The localization of VPY-GFP to mobile puncta (Feddermann et al., 2010; Pumplin et al., 2010) in mycorrhizal roots suggests it may be associated with vesicle transport. Intracellular ITs and arbuscules require large amounts of membrane to grow. One possible role for VPY is in exocytosis-driven polar tip growth in response to external signals (i.e. NFs or Myc factors). It seems possible that in addition to the common signalling pathway, some genes involved in membrane-trafficking processes have also been recruited into the nodulation programme from the much older AM symbioses. Identification of proteins that bind to the MSP and/or ankyrin domains of VPY will provide further insight into the commonalities of these widespread and agriculturally important plant–microbe interactions.
Plants infected with S. meliloti 1021 pXLD4 expressing HemA-lacZ were fixed in a solution of 1.25% gluteraldehyde and 0.1 m sodium phosphate (pH 7.2) and stained for β-galactosidase activity overnight in 0.1 m sodium phosphate (pH 7.2), 5 mm K3Fe(CN)6, 5 mm K4Fe(CN)6 and 0.02 m 5-bromo-4-chloro-3-indolyl-β-d-galactopyranoside (X-GAL).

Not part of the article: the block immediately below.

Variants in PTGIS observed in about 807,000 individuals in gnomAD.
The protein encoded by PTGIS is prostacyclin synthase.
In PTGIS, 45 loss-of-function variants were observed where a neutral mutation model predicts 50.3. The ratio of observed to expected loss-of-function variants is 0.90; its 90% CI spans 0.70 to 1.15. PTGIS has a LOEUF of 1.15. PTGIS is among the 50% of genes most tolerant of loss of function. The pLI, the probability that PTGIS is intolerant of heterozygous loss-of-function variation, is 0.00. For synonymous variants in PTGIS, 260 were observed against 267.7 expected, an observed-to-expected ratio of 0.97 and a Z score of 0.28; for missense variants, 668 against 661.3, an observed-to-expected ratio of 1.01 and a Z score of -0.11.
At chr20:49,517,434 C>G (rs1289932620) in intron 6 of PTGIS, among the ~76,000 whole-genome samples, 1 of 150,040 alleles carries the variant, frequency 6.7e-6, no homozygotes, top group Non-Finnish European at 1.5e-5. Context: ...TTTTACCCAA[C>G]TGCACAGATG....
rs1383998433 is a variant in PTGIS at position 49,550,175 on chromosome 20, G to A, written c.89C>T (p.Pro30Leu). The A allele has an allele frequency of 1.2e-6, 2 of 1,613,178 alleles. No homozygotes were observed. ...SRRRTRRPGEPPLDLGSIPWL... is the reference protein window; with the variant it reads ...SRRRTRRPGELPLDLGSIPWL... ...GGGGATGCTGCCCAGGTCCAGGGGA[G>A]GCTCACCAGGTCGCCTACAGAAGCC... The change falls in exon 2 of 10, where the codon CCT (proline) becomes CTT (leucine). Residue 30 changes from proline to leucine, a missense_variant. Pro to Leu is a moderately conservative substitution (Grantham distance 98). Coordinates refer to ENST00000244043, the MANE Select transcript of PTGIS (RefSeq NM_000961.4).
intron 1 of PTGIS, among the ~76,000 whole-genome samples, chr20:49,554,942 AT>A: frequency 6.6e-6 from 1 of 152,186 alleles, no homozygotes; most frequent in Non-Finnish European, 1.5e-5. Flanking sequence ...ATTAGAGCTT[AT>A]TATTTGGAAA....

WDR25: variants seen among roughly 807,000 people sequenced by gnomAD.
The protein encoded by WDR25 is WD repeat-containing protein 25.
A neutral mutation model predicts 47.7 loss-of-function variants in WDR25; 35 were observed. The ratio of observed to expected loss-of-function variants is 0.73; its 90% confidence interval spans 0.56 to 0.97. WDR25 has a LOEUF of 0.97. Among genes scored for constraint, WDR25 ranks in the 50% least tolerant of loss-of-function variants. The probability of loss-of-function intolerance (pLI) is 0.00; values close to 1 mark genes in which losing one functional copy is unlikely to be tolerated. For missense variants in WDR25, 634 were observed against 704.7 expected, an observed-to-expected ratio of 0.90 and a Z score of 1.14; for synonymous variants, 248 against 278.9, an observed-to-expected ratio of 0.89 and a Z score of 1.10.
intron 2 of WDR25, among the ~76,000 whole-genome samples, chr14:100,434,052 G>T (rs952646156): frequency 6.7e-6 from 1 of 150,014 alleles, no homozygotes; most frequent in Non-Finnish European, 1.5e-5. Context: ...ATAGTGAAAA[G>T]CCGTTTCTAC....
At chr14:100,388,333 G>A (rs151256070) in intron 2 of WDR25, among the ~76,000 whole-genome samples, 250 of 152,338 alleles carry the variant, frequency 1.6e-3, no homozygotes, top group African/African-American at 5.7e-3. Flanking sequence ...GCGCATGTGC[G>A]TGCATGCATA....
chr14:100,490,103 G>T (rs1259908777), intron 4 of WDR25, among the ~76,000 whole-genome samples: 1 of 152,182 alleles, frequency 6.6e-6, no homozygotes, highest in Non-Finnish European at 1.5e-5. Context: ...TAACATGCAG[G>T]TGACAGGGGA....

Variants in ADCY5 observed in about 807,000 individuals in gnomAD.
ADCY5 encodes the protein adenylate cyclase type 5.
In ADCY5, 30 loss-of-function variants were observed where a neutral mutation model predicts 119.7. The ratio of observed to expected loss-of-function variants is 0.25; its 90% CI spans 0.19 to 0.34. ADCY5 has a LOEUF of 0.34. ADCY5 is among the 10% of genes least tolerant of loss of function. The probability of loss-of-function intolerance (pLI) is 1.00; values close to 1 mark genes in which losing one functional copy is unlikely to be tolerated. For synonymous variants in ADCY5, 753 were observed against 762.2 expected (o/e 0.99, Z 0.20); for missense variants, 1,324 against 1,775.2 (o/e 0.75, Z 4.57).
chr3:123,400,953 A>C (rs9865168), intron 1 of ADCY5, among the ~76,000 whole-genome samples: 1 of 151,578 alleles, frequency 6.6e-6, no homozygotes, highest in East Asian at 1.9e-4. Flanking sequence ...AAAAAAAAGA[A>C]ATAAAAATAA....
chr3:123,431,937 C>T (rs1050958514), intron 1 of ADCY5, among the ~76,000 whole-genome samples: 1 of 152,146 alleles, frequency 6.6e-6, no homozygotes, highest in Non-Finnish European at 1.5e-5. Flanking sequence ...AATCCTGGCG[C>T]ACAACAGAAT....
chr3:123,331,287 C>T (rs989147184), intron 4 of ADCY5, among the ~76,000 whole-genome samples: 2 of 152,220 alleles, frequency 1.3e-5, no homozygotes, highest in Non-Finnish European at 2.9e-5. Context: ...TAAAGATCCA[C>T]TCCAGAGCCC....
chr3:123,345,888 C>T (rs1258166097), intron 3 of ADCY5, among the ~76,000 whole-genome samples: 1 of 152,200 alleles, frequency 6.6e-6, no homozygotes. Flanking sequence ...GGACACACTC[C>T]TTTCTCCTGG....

M. truncatula plants were inoculated with G. intraradices (Glomus intraradices DAOM 181602) for microscopic analysis of FNB2 and FNB4 (vpy-1) or a mixture of G. intraradices and G. mossae for phenotyping of the segregating F2 population and analysed as previously described (Sekhara et al., 2007). For quantification of mycorrhizal structures, seeds of M. truncatula A17 and mutants FNB2 and FNB4 were scarified with sandpaper and pre-germinated on wet filter paper for 2 days. The seedlings were then transferred to 10-cm pots (four plants per pot) containing 50:50 sand and TerraGreen. A 5-month-old leek plant colonized with G. intraradices had previously been placed in the centre of the pot. The plants were grown under a 16-h daylight regime and samples taken at 2 and 4 weeks. The roots were washed in distilled water and 5 cm long sections cut 1 cm below the hypocotyl were taken for staining. The root sections were split longitudinally into two halves, half were ink stained and half stained with nitroblue tetrazolium (NBT). Ink staining was performed using a method based on that of Vierheilig et al. (1998). The roots were cleared in 10% KOH for 4 days at room temperature, washed in distilled water and stained for 10 min in 10% Pelikan black ink in 25% acetic acid. The roots were rinsed in distilled water and destained for 15 min in 25% acetic acid before a further rinsing in distilled water and mounting on slides. The NBT staining was carried out using the method as described by Schaffer and Peterson (1993). The clearing method used was 5% (w/v) KOH for 48 h at 55°C. The roots were cut into sections of approximately 1 cm and mounted on glass slides in distilled water. Counting was done as described by Mcgonigle et al. (1990) using a Nikon Optiphot microscope (http://www.nikon.com/).